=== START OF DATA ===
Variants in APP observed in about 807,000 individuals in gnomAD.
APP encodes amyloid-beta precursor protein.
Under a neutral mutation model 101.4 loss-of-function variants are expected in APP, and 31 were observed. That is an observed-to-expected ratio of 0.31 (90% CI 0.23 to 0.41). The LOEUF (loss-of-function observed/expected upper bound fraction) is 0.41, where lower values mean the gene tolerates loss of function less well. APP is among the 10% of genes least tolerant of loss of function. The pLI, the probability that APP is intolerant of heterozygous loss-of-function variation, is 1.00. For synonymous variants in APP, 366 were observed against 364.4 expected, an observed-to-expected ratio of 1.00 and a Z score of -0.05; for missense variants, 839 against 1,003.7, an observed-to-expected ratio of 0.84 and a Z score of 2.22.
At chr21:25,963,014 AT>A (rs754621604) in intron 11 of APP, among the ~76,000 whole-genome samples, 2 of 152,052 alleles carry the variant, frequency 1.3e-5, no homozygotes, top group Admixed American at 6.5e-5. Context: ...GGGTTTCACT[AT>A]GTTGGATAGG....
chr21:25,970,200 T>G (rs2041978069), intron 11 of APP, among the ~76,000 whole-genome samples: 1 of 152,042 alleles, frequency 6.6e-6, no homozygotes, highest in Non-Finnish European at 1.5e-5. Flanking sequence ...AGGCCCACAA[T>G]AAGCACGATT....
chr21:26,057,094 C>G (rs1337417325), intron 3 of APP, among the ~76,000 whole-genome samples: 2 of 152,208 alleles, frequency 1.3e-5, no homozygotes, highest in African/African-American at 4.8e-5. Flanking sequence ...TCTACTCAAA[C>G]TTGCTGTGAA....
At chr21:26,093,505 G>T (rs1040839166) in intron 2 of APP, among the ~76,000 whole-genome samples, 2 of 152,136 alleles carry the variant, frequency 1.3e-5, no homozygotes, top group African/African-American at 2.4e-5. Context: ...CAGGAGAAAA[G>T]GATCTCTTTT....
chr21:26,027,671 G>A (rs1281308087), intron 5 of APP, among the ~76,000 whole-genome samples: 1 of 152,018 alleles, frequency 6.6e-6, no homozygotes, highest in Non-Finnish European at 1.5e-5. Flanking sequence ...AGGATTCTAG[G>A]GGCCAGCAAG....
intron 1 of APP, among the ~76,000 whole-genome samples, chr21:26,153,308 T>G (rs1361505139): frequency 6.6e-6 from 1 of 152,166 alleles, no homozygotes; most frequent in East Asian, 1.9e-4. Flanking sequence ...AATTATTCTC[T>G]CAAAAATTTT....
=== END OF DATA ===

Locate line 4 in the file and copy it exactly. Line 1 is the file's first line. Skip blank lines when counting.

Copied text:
At chr21:25,963,014 AT>A (rs754621604) in intron 11 of APP, among the ~76,000 whole-genome samples, 2 of 152,052 alleles carry the variant, frequency 1.3e-5, no homozygotes, top group Admixed American at 6.5e-5. Context: ...GGGTTTCACT[AT>A]GTTGGATAGG....